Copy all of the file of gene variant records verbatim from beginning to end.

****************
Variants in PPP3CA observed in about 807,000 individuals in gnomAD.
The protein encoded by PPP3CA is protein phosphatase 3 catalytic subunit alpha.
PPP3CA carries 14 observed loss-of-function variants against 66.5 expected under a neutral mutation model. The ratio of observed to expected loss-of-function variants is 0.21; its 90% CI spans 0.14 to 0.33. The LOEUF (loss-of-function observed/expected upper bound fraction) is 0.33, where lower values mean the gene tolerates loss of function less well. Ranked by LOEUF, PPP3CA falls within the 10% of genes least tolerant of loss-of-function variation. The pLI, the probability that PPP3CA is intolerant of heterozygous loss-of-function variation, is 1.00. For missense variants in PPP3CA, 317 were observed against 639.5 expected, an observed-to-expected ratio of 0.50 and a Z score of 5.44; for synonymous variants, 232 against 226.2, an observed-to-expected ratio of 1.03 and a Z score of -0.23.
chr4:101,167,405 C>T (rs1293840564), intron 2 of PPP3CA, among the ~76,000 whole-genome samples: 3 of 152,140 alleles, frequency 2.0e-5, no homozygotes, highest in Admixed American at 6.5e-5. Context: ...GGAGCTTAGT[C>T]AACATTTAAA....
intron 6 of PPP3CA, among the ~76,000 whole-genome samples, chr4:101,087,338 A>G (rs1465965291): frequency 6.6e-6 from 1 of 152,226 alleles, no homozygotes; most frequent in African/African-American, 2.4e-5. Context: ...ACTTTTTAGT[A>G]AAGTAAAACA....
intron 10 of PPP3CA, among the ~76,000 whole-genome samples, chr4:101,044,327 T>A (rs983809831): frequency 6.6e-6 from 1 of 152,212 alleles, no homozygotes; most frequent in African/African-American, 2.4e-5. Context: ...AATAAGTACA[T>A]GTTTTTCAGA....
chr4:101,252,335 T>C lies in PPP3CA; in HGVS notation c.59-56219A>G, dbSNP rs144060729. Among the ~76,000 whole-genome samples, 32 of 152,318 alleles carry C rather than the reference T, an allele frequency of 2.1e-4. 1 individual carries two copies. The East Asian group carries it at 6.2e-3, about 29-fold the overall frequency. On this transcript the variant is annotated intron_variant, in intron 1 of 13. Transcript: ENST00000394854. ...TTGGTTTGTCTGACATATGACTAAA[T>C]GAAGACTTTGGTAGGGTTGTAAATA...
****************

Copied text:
Variants in PPP3CA observed in about 807,000 individuals in gnomAD.
The protein encoded by PPP3CA is protein phosphatase 3 catalytic subunit alpha.
PPP3CA carries 14 observed loss-of-function variants against 66.5 expected under a neutral mutation model. The ratio of observed to expected loss-of-function variants is 0.21; its 90% CI spans 0.14 to 0.33. The LOEUF (loss-of-function observed/expected upper bound fraction) is 0.33, where lower values mean the gene tolerates loss of function less well. Ranked by LOEUF, PPP3CA falls within the 10% of genes least tolerant of loss-of-function variation. The pLI, the probability that PPP3CA is intolerant of heterozygous loss-of-function variation, is 1.00. For missense variants in PPP3CA, 317 were observed against 639.5 expected, an observed-to-expected ratio of 0.50 and a Z score of 5.44; for synonymous variants, 232 against 226.2, an observed-to-expected ratio of 1.03 and a Z score of -0.23.
chr4:101,167,405 C>T (rs1293840564), intron 2 of PPP3CA, among the ~76,000 whole-genome samples: 3 of 152,140 alleles, frequency 2.0e-5, no homozygotes, highest in Admixed American at 6.5e-5. Context: ...GGAGCTTAGT[C>T]AACATTTAAA....
intron 6 of PPP3CA, among the ~76,000 whole-genome samples, chr4:101,087,338 A>G (rs1465965291): frequency 6.6e-6 from 1 of 152,226 alleles, no homozygotes; most frequent in African/African-American, 2.4e-5. Context: ...ACTTTTTAGT[A>G]AAGTAAAACA....
intron 10 of PPP3CA, among the ~76,000 whole-genome samples, chr4:101,044,327 T>A (rs983809831): frequency 6.6e-6 from 1 of 152,212 alleles, no homozygotes; most frequent in African/African-American, 2.4e-5. Context: ...AATAAGTACA[T>A]GTTTTTCAGA....
chr4:101,252,335 T>C lies in PPP3CA; in HGVS notation c.59-56219A>G, dbSNP rs144060729. Among the ~76,000 whole-genome samples, 32 of 152,318 alleles carry C rather than the reference T, an allele frequency of 2.1e-4. 1 individual carries two copies. The East Asian group carries it at 6.2e-3, about 29-fold the overall frequency. On this transcript the variant is annotated intron_variant, in intron 1 of 13. Transcript: ENST00000394854. ...TTGGTTTGTCTGACATATGACTAAA[T>C]GAAGACTTTGGTAGGGTTGTAAATA...